Source: pocketyourdollars.com

Are We There Yet? 5 Tips for a Frugal Road Trip

Coolers, cheap gas, a car checkup and other tips for enjoying your next road trip on a budget.

When traveling with family or friends, it’s hard to beat the memories you’ll make on a road trip: taking in panoramic views, cruising through coastal towns, stopping at roadside fruit stands. Experiencing life on the road—at least for a little bit—can really put things into perspective.

But those memory-making experiences can turn sour pretty quickly if you don’t plan ahead. Who wants to be stranded 20 miles from civilization and paying for a costly tow truck, all because you forgot to map out when and where to fill up your gas tank?

With proper travel prep and financial planning, you’ll have only fun memories of your road trip for years to come—instead of guilt for that time you way overspent.

Planning ahead is one of the easiest ways to save money on road trips, so you can focus on making memories.

How do you save money on a road trip? It’s easier than you might think. Check out these five tips to make your next vacation a frugal road trip:

1. Plan your trip in advance

In order to have a road trip on a budget, it’s good to have a realistic expectation of what the trip will cost. Despite higher gas prices, road trips were the most popular vacation option for families staying stateside in 2018. Nearly two-thirds of families planning a summer vacation in 2018 were expected to hit the road, according to roadside assistance provider AAA.

If you’re joining the throngs of road-trippers, the best way to save money on a road trip is to plan, plan, plan. “Do your research ahead of time, and estimate your trip costs in advance,” says Desmond Henry, a certified financial planner at Afflora Financial Life Planning in Topeka, Kansas.

If you want to plan ahead, look to how other people have managed frugal road trips by checking out travel review websites. “You can go into the reviews and see other travelers’ tips for a destination that you’re going to,” Henry says. “Maybe you have a lot of people that are saying ‘don’t pay extra for this,’ or ‘instead of parking in that parking lot, if you park a few blocks down, there’s a free shuttle.’”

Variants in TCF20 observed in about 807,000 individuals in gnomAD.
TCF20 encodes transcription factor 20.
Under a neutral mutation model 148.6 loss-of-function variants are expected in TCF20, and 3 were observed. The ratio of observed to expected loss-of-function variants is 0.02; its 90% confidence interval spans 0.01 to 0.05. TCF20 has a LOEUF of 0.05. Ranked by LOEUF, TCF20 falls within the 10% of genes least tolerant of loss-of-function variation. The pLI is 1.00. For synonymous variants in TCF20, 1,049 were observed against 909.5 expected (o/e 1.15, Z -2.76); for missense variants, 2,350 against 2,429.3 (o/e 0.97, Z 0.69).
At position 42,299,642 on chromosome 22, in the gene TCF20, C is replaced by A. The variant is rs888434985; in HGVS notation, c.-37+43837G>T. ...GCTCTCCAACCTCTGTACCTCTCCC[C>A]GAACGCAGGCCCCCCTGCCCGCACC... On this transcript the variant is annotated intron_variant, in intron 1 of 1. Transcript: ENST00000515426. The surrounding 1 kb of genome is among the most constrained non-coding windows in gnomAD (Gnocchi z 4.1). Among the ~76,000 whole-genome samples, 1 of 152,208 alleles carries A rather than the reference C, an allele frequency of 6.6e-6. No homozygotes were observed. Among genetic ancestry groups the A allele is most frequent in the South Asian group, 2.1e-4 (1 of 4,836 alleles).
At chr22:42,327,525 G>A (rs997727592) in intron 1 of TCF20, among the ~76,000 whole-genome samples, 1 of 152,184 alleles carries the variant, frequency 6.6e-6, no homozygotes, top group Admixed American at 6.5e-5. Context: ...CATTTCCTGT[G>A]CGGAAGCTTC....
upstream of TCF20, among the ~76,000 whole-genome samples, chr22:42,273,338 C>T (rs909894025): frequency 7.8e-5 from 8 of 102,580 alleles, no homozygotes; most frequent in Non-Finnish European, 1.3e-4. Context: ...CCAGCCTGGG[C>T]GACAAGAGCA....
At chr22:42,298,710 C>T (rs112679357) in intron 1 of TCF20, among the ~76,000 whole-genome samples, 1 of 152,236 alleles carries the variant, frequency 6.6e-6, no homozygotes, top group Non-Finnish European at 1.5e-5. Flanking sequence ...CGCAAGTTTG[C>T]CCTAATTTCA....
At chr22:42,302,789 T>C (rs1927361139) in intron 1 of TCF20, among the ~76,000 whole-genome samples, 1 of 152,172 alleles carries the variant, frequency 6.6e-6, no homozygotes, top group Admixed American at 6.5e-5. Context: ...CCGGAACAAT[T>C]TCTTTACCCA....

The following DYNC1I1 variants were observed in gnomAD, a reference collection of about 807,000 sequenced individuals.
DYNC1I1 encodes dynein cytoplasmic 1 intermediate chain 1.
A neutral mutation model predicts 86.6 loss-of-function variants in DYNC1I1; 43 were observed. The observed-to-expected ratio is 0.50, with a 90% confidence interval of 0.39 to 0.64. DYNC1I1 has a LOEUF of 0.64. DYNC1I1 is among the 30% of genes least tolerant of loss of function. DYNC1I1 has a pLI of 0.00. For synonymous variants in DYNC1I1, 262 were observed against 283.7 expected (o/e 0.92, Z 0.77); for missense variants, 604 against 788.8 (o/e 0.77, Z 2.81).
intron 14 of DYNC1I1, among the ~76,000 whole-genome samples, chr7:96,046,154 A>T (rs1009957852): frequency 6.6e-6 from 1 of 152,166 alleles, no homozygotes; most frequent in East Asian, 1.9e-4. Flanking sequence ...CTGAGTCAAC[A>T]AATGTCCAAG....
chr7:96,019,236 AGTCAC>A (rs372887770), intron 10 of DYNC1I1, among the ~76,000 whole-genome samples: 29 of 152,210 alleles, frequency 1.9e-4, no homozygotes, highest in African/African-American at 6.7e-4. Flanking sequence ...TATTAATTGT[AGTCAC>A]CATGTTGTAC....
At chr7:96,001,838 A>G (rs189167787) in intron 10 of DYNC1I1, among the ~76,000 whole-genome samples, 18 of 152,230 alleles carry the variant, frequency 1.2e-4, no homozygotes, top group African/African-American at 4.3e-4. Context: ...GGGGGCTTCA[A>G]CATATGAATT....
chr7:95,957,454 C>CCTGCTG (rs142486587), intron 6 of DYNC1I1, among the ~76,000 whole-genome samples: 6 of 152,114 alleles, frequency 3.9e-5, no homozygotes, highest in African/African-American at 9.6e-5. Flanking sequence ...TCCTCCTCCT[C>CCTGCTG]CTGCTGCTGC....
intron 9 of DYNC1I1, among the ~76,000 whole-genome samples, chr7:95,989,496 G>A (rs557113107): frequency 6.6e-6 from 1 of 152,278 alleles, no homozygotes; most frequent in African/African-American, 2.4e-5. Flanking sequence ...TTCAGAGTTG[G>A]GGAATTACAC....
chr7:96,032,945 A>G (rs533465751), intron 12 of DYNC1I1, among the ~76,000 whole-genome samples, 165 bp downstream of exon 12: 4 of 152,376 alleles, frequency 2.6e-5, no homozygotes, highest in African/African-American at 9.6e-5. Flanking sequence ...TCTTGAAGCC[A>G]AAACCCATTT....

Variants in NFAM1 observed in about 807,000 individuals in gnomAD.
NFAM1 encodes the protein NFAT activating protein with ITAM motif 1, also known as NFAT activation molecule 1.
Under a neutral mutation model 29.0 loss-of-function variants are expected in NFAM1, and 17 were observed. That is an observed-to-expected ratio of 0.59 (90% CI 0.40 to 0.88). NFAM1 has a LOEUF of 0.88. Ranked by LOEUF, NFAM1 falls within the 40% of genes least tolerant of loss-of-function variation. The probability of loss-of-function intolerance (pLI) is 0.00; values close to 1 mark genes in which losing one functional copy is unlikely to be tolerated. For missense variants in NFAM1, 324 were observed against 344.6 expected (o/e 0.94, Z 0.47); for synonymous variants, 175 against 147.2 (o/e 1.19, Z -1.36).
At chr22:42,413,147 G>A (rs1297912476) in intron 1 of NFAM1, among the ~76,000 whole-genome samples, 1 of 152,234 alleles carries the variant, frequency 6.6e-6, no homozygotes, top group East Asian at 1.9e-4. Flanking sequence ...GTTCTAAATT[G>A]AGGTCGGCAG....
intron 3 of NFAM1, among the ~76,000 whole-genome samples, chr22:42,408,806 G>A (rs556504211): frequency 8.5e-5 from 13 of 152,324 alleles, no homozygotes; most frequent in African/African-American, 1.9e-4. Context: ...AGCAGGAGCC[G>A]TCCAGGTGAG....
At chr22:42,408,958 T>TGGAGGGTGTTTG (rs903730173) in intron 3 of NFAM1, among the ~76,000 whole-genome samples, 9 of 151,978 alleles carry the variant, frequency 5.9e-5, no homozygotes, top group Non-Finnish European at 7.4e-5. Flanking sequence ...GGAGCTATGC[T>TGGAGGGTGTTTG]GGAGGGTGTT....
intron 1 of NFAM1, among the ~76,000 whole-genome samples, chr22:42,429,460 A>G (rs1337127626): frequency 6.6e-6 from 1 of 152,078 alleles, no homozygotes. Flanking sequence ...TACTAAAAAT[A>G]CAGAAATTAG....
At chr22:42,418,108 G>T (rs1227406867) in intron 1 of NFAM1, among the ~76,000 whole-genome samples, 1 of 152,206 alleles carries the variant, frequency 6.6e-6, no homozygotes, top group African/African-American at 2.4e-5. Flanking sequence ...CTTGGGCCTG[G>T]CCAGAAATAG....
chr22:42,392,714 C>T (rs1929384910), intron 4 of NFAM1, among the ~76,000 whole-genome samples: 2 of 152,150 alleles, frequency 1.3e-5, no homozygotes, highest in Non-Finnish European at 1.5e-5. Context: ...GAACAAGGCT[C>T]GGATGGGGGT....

Nearly two-thirds of families planning a summer vacation in 2018 were expected to take a road trip.

– AAA

J.R. Duren, a personal finance analyst at consumer product review website HighYa, finds it beneficial to get a head start on planning a road trip on a budget to give his family more options of things to do. By comparing prices of various activities ahead of time, you can figure out how to stretch your vacation dollars further—and know how much you need to save for those non-negotiable activities.

“If you want to give yourself and your kids the best experience, start planning ahead and set a savings goal,” Duren says. “The last thing you want to do is be stressed out on the vacation because money is running out.”

unexpected breakdown. Otherwise, you may end up paying for repairs that cost much more than routine and preventive maintenance—and during times when you’d rather be out sightseeing and enjoying your vacation.

As you prepare for your frugal road trip, take the vehicle you will be traveling in to a reputable auto repair shop or dealer’s service department for preventive maintenance, says Richard Piatt, a certified credit counselor with Consumer Credit of Des Moines.

If you happen to need a standard oil change before your trip, many service centers will offer a free multi-point checkup of your vehicle and examine fluid levels, the battery, tire pressure, brakes and more. You can tell the auto shop that you’ll be traveling and how many miles you plan to clock on your adventure.